Yes, I’ve stated on multiple occasions that pissing off current customers has been a winning logic for Apple. The trouble I have with Windows 8 however is that discoverability is really bad if you come from a Windows XP background, and especially if you don’t have a touch screen. I really miss the start menu, and no, the start button isn’t really a good replacement. Windows 10 does look promising however.

        I haven’t used Metro on mobile (they don’t sell Windows Phone in Japan!!) so I have no experience. I do expect though that it is at least decent, and the reviews have been positive. As a mobile UI, I agree that Metro is probably very good. Whether it’s better than Android or iOS, I can’t say. It could certainly be the case.

        When I say that Microsoft bet too heavily on tablets and sacrificed the desktop experience, I don’t specifically mean that Metro is a bad desktop UI. The fact is however, it was a very unfamiliar UI for Windows XP/7 users, and they hated it. More importantly, Microsoft did not have a backup plan. It took them years to get to Windows 10, which in my impression, makes Metro much more familiar for Windows 7 users.

        1.
        They bet on the wrong horse.
        2.
        They bet too much. They put all their Windows users into the bet.
        3.
        They failed to quickly fix it, possibly due to the lack of a backup plan.

        Apple does bet on the wrong horse from time to time and they do piss off users. However, the transition tends to be more gradual, and they fix issues along the way.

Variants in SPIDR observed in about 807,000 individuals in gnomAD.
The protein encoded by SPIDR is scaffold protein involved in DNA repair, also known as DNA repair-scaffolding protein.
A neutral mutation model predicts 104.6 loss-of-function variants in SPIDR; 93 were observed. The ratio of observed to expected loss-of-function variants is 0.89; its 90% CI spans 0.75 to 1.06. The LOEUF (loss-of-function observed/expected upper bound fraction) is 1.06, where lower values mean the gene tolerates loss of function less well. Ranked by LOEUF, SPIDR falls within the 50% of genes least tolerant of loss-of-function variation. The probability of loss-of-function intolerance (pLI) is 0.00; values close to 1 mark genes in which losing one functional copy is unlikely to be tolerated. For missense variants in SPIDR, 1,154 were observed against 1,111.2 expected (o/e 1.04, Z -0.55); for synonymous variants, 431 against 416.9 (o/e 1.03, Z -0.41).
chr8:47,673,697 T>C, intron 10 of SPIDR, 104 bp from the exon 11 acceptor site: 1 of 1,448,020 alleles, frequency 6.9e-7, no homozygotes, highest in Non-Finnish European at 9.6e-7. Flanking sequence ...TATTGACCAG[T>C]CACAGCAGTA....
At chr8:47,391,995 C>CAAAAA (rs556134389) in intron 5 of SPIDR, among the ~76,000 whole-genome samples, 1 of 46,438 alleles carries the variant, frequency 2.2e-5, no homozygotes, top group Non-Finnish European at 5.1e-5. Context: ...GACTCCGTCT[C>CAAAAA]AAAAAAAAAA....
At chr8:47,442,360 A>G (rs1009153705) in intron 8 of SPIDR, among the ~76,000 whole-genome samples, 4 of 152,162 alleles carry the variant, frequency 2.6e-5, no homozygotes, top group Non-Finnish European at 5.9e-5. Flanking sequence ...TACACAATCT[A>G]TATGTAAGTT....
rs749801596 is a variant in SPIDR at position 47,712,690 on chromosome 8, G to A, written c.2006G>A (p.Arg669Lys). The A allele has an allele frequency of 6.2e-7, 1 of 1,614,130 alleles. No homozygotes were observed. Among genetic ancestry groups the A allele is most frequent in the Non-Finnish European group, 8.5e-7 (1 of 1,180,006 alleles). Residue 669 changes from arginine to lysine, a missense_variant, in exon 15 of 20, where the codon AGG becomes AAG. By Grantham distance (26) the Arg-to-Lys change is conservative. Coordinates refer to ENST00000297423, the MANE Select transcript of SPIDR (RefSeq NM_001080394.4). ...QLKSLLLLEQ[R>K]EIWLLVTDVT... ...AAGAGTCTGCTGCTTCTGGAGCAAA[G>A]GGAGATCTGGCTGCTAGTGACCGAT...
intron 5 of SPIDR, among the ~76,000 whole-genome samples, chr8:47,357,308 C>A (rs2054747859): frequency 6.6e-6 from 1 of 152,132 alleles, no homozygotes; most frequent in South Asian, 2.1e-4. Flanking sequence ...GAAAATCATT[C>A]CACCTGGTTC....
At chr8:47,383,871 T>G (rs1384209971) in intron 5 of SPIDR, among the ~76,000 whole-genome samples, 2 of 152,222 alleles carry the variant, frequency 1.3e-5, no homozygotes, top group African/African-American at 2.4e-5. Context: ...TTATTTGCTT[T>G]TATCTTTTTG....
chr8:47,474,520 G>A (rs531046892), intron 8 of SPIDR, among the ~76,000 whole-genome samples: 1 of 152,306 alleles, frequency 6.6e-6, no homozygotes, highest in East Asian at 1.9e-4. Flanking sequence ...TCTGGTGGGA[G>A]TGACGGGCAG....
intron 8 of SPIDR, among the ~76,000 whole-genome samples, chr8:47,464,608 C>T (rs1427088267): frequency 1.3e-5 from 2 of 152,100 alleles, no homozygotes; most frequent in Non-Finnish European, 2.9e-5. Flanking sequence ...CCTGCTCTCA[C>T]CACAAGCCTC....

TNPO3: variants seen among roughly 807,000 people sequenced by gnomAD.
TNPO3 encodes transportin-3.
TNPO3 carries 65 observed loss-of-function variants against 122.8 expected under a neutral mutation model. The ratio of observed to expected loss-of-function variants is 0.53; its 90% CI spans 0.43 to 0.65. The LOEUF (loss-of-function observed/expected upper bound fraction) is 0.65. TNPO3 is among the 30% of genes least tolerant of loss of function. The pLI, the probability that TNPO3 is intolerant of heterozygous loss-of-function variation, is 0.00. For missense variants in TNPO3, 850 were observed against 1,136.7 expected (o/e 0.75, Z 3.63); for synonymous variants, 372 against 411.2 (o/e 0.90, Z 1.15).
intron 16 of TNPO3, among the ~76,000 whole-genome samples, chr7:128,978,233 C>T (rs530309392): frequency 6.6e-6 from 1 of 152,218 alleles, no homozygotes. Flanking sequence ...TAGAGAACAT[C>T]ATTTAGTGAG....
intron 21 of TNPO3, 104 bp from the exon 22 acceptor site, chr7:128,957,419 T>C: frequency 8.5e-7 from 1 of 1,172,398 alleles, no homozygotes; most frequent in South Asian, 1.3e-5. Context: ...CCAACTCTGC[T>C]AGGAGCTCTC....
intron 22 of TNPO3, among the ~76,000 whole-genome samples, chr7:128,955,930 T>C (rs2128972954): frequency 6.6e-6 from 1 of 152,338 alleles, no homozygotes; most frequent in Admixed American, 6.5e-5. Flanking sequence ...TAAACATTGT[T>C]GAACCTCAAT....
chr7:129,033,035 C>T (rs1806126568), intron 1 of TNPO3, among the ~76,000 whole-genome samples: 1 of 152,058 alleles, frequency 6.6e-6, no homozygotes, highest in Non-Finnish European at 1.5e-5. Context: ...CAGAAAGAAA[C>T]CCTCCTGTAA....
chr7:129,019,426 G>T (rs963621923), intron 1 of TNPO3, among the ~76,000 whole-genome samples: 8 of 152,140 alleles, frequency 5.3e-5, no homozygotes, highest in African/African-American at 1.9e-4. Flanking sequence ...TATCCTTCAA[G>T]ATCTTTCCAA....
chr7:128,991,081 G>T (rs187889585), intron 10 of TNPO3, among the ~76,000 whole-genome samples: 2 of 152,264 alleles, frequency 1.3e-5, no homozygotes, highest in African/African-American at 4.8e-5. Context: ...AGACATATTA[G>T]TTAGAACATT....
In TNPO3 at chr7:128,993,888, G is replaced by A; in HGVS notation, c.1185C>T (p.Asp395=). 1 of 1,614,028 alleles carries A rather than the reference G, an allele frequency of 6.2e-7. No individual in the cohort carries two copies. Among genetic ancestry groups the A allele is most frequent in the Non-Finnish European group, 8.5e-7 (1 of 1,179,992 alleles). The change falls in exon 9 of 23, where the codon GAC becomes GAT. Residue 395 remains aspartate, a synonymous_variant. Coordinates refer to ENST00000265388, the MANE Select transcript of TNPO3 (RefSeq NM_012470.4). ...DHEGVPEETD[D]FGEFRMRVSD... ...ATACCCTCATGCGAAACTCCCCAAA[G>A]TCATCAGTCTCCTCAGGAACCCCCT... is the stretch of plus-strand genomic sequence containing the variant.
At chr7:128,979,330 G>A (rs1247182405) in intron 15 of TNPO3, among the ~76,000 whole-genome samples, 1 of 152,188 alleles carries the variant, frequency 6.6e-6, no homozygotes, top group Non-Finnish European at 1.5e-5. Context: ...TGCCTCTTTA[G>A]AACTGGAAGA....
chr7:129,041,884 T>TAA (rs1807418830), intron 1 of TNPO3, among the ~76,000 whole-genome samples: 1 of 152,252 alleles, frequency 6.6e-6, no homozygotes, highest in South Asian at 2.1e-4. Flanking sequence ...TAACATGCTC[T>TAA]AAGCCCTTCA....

As for Apple, sure they are having issues. Their strategy of individually creating the best products instead of marching for a unification strategy makes cross-device development difficult. I’m sure that they are aware of this because they are taking steps in their development tools towards a more screen-size independent model. The same could actually be said of the very old Objective-C language. Apple was gradually improving it but still its ancient roots could not be hidden. And then, Apple released the Swift language. Apple will have legacy issues in the future, stemming from their decision to optimise for each screen size, but it seems that they know how to rectify these problems before they blow up.

  8. I almost agree with you Bob. But, I do take a tablet with me (either my SurfaceRT or NVIDIA Shield Tablet) when I fly for two purposes:
    1. I almost always have to fly economy and when the person in front of me reclines, it’s really hard to use a 13+in. laptop. even on my lap! With the tablet I can still run Office or watch a movie.
    2. I like to have a backup to my laptop in case I run out of battery or something bad happens to it (a little belt and suspenders).

    It’s a little bit of insurance for ~2 extra pounds. I have a backpack that has a laptop slot and a tablet slot to makes it easy to have both.

  9. Reading a book on my iPhone 6 would have me soon driving my head through the wall in frustration. Thanks goodness, my iPad had a screen large enough to legibly display a page of text. But I’m almost 50 so who cares what my needs are.